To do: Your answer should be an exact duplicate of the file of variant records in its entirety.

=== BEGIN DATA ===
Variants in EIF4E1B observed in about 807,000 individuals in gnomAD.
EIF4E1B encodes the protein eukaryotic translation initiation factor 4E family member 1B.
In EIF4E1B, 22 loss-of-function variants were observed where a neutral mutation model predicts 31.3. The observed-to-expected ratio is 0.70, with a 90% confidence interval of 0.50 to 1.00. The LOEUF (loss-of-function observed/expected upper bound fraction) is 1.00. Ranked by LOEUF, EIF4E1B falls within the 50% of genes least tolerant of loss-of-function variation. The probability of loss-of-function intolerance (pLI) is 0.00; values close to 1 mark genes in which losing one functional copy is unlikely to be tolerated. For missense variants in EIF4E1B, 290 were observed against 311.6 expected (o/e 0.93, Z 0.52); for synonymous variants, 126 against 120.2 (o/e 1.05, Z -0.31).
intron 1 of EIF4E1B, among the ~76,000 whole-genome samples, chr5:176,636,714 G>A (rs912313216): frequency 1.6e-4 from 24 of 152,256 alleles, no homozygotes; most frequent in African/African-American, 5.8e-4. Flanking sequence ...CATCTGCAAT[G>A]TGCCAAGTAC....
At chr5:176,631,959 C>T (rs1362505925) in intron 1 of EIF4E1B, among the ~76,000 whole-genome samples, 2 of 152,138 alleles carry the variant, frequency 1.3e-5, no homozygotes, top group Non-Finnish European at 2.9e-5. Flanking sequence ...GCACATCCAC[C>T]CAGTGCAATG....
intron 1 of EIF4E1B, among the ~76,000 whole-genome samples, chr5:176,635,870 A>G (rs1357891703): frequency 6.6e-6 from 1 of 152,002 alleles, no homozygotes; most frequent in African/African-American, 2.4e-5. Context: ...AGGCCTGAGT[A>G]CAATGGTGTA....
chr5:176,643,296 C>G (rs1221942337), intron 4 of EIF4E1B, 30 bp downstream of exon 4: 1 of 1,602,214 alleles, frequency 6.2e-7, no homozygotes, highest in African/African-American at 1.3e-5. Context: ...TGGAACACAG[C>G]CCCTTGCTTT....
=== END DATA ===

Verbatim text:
Variants in EIF4E1B observed in about 807,000 individuals in gnomAD.
EIF4E1B encodes the protein eukaryotic translation initiation factor 4E family member 1B.
In EIF4E1B, 22 loss-of-function variants were observed where a neutral mutation model predicts 31.3. The observed-to-expected ratio is 0.70, with a 90% confidence interval of 0.50 to 1.00. The LOEUF (loss-of-function observed/expected upper bound fraction) is 1.00. Ranked by LOEUF, EIF4E1B falls within the 50% of genes least tolerant of loss-of-function variation. The probability of loss-of-function intolerance (pLI) is 0.00; values close to 1 mark genes in which losing one functional copy is unlikely to be tolerated. For missense variants in EIF4E1B, 290 were observed against 311.6 expected (o/e 0.93, Z 0.52); for synonymous variants, 126 against 120.2 (o/e 1.05, Z -0.31).
intron 1 of EIF4E1B, among the ~76,000 whole-genome samples, chr5:176,636,714 G>A (rs912313216): frequency 1.6e-4 from 24 of 152,256 alleles, no homozygotes; most frequent in African/African-American, 5.8e-4. Flanking sequence ...CATCTGCAAT[G>A]TGCCAAGTAC....
At chr5:176,631,959 C>T (rs1362505925) in intron 1 of EIF4E1B, among the ~76,000 whole-genome samples, 2 of 152,138 alleles carry the variant, frequency 1.3e-5, no homozygotes, top group Non-Finnish European at 2.9e-5. Flanking sequence ...GCACATCCAC[C>T]CAGTGCAATG....
intron 1 of EIF4E1B, among the ~76,000 whole-genome samples, chr5:176,635,870 A>G (rs1357891703): frequency 6.6e-6 from 1 of 152,002 alleles, no homozygotes; most frequent in African/African-American, 2.4e-5. Context: ...AGGCCTGAGT[A>G]CAATGGTGTA....
chr5:176,643,296 C>G (rs1221942337), intron 4 of EIF4E1B, 30 bp downstream of exon 4: 1 of 1,602,214 alleles, frequency 6.2e-7, no homozygotes, highest in African/African-American at 1.3e-5. Context: ...TGGAACACAG[C>G]CCCTTGCTTT....